Over the last few weeks I’ve been watching Samantha Faiers’ The Baby Diaries! Even though I started out being sceptical I grew to really enjoy it. Somehow she seemed to totally appeal to me, her gentle parenting style mixed with her attempts to normalise breastfeeding led to my full admiration.
She had cameras in her bedroom during the little ones developmental leaps and teething episodes, and her patience seemed never ending as she turned and cuddled and offered soothing words to her little Paul.
After 10 wake up’s I’m less gentle and more Cruella de Vil- I’ve of course always attempted to respond in a empathic way but the words “just go to sleep please” accompanied with suitable swears have left my mouth more times then I’d like to admit.
Surely it would be nice to have a stretch of sleep longer than 20 min?
Her sister Billie, seemed equally gentle and I thoroughly enjoyed watching them shimmy around Essex, kiddies in tow!
Then there was the arrival of a new baby, and sam’s niece was no longer the only child in her family. No longer was she the main focus. A cute invader had arrived and not only had he taken her attention and cuddles, he had turned mummy and daddy in to sleep deprived zombies.
I find that if I liken this too my husband simply bringing another woman home; dividing his affection and love between the two of us and expecting me to love her and care for her, helps me relate to how my daughter felt when my son entered the world.
Of course, the older sister is unsettled. Her entire world has been turned upside down. Nothing makes sense anymore, she’s tired, sad and craving her parents attention.
Let’s not forget the parents though; It’s hard for mum and dad too- the toddler is waking up through the night as is baby of course, everyone is exhausted and simply overwhelmed. Little one is hurting and it’s not getting better.
Of course, little Nellie knows that the invader is in mummy and daddy’s bedroom but whilst the three of them are all together, she’s all on her own.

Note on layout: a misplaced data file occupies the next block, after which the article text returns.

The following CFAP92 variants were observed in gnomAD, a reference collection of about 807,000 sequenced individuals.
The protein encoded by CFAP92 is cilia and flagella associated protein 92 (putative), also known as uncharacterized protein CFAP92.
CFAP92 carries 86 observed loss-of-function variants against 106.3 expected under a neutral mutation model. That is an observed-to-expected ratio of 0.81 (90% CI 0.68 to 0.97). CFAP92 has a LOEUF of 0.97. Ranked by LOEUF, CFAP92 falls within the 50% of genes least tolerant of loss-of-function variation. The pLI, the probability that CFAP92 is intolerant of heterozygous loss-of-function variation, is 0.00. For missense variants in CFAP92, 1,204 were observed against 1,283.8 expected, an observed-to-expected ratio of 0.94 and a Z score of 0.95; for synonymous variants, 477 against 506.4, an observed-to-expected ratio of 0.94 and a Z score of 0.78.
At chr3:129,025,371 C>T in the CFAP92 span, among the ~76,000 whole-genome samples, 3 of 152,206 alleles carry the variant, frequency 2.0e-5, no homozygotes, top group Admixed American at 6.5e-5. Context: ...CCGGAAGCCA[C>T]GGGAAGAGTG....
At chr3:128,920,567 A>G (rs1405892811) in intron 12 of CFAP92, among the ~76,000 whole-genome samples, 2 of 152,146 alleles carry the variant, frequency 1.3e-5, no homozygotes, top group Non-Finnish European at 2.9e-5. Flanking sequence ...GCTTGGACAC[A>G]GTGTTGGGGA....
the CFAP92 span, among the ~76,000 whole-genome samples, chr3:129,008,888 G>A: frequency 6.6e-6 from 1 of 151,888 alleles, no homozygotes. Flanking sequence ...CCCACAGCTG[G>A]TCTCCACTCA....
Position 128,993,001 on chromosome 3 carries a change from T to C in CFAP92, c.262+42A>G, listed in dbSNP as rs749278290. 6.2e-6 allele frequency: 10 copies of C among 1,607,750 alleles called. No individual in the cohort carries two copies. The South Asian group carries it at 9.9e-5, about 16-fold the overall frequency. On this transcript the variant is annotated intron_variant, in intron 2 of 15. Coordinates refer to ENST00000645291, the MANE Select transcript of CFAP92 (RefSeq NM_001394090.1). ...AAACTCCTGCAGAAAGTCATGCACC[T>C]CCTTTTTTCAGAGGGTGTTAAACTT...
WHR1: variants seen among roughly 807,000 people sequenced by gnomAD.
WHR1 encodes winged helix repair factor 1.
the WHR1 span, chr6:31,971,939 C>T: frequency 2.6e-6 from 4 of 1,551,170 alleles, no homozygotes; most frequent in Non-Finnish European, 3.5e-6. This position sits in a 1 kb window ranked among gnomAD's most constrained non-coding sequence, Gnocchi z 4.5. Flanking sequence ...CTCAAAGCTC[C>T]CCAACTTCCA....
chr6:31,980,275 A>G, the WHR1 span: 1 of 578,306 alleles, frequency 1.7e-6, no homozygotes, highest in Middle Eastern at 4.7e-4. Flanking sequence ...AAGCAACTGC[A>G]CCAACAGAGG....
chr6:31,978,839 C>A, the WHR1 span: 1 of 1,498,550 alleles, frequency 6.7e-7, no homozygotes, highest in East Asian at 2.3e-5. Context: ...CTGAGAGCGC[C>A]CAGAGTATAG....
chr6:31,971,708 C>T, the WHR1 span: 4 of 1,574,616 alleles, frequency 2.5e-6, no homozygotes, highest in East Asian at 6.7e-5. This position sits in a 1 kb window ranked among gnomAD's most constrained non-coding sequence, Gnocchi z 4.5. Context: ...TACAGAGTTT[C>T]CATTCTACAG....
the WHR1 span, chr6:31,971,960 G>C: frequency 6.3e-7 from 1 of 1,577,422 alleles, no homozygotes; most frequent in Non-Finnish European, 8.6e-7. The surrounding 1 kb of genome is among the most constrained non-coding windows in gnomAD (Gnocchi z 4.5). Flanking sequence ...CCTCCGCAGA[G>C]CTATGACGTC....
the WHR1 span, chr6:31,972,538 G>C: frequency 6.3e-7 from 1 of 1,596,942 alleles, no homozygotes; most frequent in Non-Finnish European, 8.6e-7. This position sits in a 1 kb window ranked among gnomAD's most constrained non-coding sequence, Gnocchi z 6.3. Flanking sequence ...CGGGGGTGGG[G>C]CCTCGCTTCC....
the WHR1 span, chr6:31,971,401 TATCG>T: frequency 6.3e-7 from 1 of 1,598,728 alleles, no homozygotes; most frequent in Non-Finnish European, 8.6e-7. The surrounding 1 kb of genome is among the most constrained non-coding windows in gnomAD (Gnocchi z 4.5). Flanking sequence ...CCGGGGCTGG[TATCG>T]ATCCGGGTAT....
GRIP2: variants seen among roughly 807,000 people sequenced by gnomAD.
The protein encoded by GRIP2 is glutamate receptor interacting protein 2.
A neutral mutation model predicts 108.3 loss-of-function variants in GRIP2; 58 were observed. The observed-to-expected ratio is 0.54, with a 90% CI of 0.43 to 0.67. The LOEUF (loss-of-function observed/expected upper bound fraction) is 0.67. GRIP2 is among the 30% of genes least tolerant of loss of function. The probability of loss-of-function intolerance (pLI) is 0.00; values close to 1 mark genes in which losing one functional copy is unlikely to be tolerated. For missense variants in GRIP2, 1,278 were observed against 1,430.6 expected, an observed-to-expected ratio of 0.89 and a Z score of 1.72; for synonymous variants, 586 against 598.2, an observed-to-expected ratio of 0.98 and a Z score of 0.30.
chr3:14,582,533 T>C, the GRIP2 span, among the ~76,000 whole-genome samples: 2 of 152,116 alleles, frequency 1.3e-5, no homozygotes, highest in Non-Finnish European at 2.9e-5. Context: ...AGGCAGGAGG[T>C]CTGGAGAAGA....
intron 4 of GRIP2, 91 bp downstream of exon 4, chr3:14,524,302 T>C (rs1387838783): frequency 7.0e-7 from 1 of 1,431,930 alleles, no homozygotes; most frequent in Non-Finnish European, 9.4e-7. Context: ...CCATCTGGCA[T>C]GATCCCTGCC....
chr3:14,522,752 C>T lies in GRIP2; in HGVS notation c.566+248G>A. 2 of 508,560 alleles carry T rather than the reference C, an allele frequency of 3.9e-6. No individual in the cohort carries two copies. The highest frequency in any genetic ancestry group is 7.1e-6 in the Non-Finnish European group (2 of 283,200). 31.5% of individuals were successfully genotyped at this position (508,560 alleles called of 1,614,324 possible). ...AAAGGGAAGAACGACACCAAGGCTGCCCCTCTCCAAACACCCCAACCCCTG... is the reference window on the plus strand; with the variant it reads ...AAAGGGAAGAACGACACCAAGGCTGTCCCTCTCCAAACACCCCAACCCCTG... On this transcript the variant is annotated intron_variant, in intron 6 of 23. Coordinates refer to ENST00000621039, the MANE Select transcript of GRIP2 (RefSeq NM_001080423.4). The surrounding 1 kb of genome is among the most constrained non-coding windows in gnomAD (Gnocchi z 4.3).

This must feel so big and so upsetting. So what’s the best response? I loved the idea of a family bed so I got a co sleeper cot, and we all shared the bed, baby in his own space and toddler in the middle!
Imagining my daughter alone, wondering why she was excluded when we all shared, was too much for my heart to take. I asked her where she wanted to sleep! Had she said her own bed then of course we would have followed her lead but she didn’t, she asked to be with her family. I truly believe this helped both children in bonding and transitioning from a unit of 3, in to a family of 4.
However, in a society where mainstream parenting seems the obvious way to go, maybe this wasn’t an alternative that felt right for Billie. She stated that she felt she needed advice so she called in a “sleep expert”- at first the lady seemed empathic; recognising how hard it must be for poor little Nellie to adjust. Her brain is immature and after all she’s still just a toddler herself. I was fully focused here because I truly thought this lady would be good.
“They are all gentle- this will be great”
I was so excited that empathic parenting was shown on national tv. Of course this was going to be great, this will be gentle.
Instead of responding and being empathic to such a little one, they were told to return her to her bed if she got out. The parents where advised to not speak, so literally no reassuring words. Just return her to her bed and offer no verbal reassurance. No empathic “I know it’s hard sweetheart, everything feels strange and unfamiliar”.
Giving my daughter a sibling was the result of much deliberation, it was a decision we didn’t take lightly. We made sure we focused on her when brother was born. That she didn’t feel excluded. There were some rough times, of course! But at 6 and 3 they are the best of friends, and have so much fun together. And still, if they need it, there are cuddles to be had in mummy’s bed. We have moved past that stage now, but seeing that little girl crying, heartbroken, in her bed- it really hit home.
When the most vulnerable members of our society call out for support and reassurance, when they ask to feel loved and comforted- what do we tell them if we refuse? How do we support their emotional growth if we leave them to sort out emotions so big they simply can’t make sense of them? Why not help them and do what we can to make the transition easier? It’s so exciting to add a child to the family and although it can scary at the same time it was the right decisions for us!
When 3 became 4, we became complete!
Much love ❤️